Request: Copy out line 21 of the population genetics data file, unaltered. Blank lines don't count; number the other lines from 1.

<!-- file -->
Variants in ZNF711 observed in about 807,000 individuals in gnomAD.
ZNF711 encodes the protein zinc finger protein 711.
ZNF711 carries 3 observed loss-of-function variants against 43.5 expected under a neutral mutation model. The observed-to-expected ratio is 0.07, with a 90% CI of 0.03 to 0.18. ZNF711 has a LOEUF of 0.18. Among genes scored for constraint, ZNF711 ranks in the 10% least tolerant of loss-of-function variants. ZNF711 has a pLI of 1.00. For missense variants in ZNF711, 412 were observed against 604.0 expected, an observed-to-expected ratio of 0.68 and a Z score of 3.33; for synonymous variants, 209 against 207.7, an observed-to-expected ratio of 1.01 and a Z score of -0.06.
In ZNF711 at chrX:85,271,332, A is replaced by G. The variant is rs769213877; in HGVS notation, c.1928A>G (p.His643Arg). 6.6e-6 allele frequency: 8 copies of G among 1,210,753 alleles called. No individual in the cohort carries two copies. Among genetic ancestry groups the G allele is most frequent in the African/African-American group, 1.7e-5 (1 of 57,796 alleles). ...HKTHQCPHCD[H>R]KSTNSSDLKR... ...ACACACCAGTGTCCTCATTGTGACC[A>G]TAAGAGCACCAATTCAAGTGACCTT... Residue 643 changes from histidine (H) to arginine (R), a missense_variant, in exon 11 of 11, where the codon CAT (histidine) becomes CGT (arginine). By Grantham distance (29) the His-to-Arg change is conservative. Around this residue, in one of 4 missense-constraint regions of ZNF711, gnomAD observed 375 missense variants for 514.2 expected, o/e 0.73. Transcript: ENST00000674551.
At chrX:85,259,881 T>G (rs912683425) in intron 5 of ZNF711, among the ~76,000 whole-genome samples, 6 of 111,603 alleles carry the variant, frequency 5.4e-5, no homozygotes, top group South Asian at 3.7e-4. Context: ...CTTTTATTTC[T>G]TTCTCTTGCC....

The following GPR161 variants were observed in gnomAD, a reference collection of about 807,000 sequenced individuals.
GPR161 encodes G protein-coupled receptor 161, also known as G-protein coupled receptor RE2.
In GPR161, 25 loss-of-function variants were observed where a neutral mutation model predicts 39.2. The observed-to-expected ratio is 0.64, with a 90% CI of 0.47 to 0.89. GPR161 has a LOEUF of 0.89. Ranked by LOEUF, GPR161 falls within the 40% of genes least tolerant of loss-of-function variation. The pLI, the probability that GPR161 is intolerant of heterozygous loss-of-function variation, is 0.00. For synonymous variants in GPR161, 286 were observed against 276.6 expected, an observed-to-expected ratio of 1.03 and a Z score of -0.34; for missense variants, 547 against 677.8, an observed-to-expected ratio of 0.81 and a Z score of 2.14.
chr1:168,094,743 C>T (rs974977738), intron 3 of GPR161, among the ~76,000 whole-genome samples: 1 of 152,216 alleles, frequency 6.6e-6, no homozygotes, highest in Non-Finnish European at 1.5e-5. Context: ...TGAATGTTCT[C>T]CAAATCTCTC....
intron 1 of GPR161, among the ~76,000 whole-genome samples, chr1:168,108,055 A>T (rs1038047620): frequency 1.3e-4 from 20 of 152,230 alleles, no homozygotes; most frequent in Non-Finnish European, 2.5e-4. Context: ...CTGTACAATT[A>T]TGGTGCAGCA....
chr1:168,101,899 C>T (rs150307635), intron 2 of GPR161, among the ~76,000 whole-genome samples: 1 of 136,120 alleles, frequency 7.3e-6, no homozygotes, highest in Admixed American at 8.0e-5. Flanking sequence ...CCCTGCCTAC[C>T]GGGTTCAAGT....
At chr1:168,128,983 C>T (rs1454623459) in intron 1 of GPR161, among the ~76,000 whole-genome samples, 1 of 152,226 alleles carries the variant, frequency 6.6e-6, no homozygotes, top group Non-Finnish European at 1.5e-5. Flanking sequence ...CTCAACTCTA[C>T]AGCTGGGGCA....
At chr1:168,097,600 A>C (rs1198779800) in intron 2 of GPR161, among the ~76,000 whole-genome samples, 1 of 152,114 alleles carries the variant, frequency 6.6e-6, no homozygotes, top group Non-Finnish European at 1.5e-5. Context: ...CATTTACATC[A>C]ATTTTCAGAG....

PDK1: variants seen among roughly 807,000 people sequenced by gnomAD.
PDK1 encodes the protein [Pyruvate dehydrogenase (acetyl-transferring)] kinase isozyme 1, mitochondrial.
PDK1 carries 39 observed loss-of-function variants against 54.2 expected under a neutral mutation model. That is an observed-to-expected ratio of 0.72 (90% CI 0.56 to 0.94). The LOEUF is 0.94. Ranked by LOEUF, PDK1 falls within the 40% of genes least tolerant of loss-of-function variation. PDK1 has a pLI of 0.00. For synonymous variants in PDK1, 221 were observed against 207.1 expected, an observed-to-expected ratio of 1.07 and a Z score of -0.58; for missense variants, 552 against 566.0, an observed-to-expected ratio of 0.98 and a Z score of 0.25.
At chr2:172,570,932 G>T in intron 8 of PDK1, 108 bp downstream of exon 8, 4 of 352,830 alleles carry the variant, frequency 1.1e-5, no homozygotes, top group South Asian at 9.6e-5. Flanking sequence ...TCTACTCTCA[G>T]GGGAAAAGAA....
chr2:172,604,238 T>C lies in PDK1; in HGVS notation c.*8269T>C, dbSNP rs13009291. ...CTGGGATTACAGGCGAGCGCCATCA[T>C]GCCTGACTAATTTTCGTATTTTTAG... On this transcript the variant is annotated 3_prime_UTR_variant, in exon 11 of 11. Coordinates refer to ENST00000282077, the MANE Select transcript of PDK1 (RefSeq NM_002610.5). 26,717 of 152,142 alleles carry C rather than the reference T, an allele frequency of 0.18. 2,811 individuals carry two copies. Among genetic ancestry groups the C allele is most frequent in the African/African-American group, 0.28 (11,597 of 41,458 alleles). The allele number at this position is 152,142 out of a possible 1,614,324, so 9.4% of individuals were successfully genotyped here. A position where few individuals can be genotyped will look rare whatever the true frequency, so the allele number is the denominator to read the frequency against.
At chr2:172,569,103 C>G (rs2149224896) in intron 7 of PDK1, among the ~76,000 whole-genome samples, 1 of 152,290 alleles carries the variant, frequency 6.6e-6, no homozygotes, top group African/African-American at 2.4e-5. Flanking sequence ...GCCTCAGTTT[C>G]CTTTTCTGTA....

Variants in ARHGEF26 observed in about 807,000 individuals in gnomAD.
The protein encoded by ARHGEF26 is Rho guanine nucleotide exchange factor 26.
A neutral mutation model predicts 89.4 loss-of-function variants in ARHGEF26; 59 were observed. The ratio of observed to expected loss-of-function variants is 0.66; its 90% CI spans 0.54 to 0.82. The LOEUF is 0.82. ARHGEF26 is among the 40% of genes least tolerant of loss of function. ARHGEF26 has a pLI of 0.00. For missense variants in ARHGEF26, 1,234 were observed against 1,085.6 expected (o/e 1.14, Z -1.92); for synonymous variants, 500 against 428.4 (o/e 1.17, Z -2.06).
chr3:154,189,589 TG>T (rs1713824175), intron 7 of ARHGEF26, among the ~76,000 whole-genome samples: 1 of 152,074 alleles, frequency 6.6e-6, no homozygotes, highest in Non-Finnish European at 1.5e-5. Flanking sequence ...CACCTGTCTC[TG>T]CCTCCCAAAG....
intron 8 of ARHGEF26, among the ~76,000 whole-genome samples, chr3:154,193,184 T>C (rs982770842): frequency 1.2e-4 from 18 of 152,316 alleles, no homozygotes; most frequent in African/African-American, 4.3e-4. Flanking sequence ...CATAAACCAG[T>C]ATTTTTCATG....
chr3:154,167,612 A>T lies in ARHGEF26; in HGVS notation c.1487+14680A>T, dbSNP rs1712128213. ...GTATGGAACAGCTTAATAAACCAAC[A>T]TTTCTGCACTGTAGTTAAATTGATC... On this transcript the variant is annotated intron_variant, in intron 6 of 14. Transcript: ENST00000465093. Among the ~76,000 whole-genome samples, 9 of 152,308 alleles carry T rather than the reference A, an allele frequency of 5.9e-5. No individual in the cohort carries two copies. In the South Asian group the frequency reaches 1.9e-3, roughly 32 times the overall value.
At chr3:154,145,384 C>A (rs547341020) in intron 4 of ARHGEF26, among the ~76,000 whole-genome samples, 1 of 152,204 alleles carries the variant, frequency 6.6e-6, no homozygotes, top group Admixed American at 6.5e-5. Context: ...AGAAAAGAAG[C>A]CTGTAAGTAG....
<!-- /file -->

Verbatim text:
The protein encoded by ARHGEF26 is Rho guanine nucleotide exchange factor 26.